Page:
OK; let's get basic here. What is a Living Trust? It's a different way of doing one's Will and (eventually) transferring one's estate to heirs. It's partly a way of satisfying title companies.
If Nils had a Will and then died, Lars as Executor would file the Will, give certain required notices, Inventory the assets, pay the taxes and other costs, and finally transfer the assets to the heirs. The Will gives him the authority to do all this, but the world doesn't recognize his authority until he goes to Court, files the Will and the proper pleadings to start a probate, and is recognized by signature of the Judge or Commissioner there. The Will and Lars's appointment as Executor are then part of the public record. So when Lars signs and records a deed of Nils's residence to whomever has inherited it under the Will, or to someone who buys it from Nils's estate, title companies will see in the record not only the deed, but Lars's appointment as Executor, and willingly issue title insurance to the new owner.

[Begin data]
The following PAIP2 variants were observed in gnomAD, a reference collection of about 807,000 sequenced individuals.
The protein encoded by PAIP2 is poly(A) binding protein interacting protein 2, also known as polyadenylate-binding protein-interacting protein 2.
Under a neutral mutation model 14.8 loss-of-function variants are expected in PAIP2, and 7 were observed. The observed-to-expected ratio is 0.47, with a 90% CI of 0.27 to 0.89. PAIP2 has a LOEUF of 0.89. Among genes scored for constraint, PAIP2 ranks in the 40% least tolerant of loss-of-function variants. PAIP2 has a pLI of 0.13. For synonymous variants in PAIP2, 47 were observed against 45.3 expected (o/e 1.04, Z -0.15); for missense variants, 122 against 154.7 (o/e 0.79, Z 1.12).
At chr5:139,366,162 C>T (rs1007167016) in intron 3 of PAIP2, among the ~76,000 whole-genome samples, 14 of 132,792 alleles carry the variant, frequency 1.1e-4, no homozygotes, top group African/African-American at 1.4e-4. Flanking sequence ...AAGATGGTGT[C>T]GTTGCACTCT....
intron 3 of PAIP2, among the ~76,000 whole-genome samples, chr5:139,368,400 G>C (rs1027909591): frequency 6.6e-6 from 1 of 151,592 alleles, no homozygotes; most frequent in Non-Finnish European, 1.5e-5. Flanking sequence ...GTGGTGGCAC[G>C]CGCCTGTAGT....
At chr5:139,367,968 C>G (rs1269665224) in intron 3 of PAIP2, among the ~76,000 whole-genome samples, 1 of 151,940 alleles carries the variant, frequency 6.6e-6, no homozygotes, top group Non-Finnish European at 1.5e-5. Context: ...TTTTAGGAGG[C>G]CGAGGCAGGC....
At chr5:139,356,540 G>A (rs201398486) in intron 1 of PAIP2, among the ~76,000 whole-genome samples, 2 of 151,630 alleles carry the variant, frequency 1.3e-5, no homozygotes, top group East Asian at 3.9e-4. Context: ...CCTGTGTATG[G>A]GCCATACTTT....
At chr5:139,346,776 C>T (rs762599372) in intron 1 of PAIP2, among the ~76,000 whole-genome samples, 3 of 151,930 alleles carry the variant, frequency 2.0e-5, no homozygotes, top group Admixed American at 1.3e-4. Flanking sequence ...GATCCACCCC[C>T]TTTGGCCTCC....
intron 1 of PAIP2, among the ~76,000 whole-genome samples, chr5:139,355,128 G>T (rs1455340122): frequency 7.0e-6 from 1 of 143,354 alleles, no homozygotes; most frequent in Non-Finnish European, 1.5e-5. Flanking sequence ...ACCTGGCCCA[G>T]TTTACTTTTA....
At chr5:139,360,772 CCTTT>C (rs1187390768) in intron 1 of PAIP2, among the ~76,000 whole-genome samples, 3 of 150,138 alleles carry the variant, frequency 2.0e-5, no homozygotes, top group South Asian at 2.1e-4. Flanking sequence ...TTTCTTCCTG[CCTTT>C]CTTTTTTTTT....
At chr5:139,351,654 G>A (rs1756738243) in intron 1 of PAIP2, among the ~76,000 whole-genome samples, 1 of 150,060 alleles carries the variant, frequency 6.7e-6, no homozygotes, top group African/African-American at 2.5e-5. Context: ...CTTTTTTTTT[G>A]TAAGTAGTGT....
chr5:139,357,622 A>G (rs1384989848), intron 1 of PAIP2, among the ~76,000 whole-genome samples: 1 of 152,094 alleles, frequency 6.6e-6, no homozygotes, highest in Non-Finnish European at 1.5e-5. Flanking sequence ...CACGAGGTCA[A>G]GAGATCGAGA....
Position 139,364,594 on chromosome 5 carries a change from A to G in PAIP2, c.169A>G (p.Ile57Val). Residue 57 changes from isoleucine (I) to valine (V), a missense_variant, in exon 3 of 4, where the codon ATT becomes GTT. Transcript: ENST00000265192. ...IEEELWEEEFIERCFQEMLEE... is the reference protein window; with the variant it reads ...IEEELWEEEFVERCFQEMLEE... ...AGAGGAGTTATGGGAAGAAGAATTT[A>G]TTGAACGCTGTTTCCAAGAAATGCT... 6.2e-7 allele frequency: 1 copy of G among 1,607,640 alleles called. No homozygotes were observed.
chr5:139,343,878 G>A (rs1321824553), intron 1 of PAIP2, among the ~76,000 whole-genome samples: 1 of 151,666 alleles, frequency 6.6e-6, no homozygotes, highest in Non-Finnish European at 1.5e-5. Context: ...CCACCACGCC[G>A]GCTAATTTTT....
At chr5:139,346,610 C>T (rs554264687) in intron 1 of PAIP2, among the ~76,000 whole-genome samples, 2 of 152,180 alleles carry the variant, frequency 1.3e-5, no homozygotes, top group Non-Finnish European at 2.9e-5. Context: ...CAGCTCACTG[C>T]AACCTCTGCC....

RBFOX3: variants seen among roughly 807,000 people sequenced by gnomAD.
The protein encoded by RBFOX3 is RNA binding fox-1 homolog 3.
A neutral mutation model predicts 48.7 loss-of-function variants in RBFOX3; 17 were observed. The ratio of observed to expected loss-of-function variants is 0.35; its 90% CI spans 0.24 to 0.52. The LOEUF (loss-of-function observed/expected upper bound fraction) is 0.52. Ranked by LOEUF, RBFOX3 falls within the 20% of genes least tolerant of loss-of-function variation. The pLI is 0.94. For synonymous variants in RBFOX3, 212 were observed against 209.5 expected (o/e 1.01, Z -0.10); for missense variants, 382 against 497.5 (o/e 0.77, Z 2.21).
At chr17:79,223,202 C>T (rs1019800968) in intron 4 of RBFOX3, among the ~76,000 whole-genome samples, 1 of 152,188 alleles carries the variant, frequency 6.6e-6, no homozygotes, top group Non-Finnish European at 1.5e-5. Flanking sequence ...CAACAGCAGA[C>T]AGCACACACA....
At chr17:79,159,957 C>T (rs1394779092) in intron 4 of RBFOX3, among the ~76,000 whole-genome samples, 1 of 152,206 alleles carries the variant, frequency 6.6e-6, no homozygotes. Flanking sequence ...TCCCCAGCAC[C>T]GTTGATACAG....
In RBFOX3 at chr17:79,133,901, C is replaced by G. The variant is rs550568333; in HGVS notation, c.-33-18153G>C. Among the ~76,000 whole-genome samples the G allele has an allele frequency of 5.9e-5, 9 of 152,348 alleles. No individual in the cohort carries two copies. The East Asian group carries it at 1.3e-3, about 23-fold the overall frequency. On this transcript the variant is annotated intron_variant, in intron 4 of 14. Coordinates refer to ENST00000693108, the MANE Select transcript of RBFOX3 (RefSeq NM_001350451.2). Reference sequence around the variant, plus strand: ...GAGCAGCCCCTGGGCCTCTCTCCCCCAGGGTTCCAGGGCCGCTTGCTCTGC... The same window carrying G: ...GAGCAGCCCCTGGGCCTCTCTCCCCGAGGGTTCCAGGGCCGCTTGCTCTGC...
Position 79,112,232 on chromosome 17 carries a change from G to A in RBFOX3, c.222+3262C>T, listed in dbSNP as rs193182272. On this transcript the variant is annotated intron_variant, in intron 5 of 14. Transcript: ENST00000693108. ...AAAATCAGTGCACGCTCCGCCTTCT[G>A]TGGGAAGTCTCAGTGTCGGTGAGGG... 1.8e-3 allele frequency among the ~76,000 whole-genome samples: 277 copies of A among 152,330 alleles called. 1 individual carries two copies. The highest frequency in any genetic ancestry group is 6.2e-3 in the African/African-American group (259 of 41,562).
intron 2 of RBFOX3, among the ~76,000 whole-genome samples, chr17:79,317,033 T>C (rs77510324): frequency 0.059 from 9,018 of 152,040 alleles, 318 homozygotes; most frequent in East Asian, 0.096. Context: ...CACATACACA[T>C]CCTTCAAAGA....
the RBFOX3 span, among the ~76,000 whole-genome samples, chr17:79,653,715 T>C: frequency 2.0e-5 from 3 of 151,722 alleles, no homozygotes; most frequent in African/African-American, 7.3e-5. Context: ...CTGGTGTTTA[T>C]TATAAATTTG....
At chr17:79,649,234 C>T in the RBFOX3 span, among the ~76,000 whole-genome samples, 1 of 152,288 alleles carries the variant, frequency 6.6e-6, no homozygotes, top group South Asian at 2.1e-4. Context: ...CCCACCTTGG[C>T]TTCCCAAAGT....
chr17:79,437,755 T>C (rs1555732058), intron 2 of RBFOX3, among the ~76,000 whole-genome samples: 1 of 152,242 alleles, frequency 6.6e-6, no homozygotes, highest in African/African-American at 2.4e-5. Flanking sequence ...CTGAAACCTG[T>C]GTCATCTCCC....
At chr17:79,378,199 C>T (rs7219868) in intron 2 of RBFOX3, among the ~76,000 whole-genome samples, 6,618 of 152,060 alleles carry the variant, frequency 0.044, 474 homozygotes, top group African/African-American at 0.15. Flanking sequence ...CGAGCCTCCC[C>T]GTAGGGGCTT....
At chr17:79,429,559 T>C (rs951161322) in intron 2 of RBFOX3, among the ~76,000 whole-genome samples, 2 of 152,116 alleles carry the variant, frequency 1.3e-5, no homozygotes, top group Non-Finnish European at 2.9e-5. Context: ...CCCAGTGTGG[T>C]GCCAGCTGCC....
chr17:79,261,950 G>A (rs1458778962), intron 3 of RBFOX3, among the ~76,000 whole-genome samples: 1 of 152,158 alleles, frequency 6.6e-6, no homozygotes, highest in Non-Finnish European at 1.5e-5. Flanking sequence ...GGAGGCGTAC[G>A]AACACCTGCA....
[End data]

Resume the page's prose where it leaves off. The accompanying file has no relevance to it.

A Living Trust is a different way of doing all this. Nils can sign a Living Trust Agreement that looks kind of like a Will. Then, if things are done right, Nils will transfer title to his assets to the Trustee of the Living Trust (now, while Nils is living). The Trustee thus has title. If Nils dies, the Trustee named in the Living Trust Agreement still has that title, and may transfer it to their heirs or sell it as part of the estate process. There is no Court filing, no probate. Avoiding the probate process can save estate costs, particularly with properties in certain states like California.